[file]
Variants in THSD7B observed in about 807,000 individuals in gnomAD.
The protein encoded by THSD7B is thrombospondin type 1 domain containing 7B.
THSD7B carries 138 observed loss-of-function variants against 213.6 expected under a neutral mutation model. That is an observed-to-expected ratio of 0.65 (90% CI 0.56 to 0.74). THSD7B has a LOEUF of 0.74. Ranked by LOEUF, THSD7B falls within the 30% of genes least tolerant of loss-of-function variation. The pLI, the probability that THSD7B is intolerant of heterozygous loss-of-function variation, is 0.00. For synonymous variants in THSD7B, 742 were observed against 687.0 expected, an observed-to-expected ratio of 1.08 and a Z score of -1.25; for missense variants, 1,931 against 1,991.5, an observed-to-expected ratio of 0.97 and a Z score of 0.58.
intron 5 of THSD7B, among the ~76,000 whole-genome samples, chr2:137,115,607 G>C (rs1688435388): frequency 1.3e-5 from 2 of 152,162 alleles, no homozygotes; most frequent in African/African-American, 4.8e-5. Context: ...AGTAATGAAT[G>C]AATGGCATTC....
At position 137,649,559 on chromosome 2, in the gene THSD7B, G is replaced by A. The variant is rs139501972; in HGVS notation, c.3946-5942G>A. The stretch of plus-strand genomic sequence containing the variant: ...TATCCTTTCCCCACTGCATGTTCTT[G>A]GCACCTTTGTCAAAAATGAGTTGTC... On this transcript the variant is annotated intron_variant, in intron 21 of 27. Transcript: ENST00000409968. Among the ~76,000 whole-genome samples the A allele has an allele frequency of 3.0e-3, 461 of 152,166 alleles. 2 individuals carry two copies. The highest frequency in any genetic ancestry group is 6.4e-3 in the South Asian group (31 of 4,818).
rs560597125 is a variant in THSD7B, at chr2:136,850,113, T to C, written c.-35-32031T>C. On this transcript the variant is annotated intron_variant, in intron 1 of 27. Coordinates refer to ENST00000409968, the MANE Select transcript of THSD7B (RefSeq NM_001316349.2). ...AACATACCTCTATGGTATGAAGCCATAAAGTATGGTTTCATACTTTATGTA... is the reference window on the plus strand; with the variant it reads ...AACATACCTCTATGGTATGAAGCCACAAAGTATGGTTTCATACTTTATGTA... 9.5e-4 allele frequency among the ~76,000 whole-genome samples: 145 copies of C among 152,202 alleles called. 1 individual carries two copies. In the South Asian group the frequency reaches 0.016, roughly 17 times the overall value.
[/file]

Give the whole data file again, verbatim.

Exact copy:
Variants in THSD7B observed in about 807,000 individuals in gnomAD.
The protein encoded by THSD7B is thrombospondin type 1 domain containing 7B.
THSD7B carries 138 observed loss-of-function variants against 213.6 expected under a neutral mutation model. That is an observed-to-expected ratio of 0.65 (90% CI 0.56 to 0.74). THSD7B has a LOEUF of 0.74. Ranked by LOEUF, THSD7B falls within the 30% of genes least tolerant of loss-of-function variation. The pLI, the probability that THSD7B is intolerant of heterozygous loss-of-function variation, is 0.00. For synonymous variants in THSD7B, 742 were observed against 687.0 expected, an observed-to-expected ratio of 1.08 and a Z score of -1.25; for missense variants, 1,931 against 1,991.5, an observed-to-expected ratio of 0.97 and a Z score of 0.58.
intron 5 of THSD7B, among the ~76,000 whole-genome samples, chr2:137,115,607 G>C (rs1688435388): frequency 1.3e-5 from 2 of 152,162 alleles, no homozygotes; most frequent in African/African-American, 4.8e-5. Context: ...AGTAATGAAT[G>C]AATGGCATTC....
At position 137,649,559 on chromosome 2, in the gene THSD7B, G is replaced by A. The variant is rs139501972; in HGVS notation, c.3946-5942G>A. The stretch of plus-strand genomic sequence containing the variant: ...TATCCTTTCCCCACTGCATGTTCTT[G>A]GCACCTTTGTCAAAAATGAGTTGTC... On this transcript the variant is annotated intron_variant, in intron 21 of 27. Transcript: ENST00000409968. Among the ~76,000 whole-genome samples the A allele has an allele frequency of 3.0e-3, 461 of 152,166 alleles. 2 individuals carry two copies. The highest frequency in any genetic ancestry group is 6.4e-3 in the South Asian group (31 of 4,818).
rs560597125 is a variant in THSD7B, at chr2:136,850,113, T to C, written c.-35-32031T>C. On this transcript the variant is annotated intron_variant, in intron 1 of 27. Coordinates refer to ENST00000409968, the MANE Select transcript of THSD7B (RefSeq NM_001316349.2). ...AACATACCTCTATGGTATGAAGCCATAAAGTATGGTTTCATACTTTATGTA... is the reference window on the plus strand; with the variant it reads ...AACATACCTCTATGGTATGAAGCCACAAAGTATGGTTTCATACTTTATGTA... 9.5e-4 allele frequency among the ~76,000 whole-genome samples: 145 copies of C among 152,202 alleles called. 1 individual carries two copies. In the South Asian group the frequency reaches 0.016, roughly 17 times the overall value.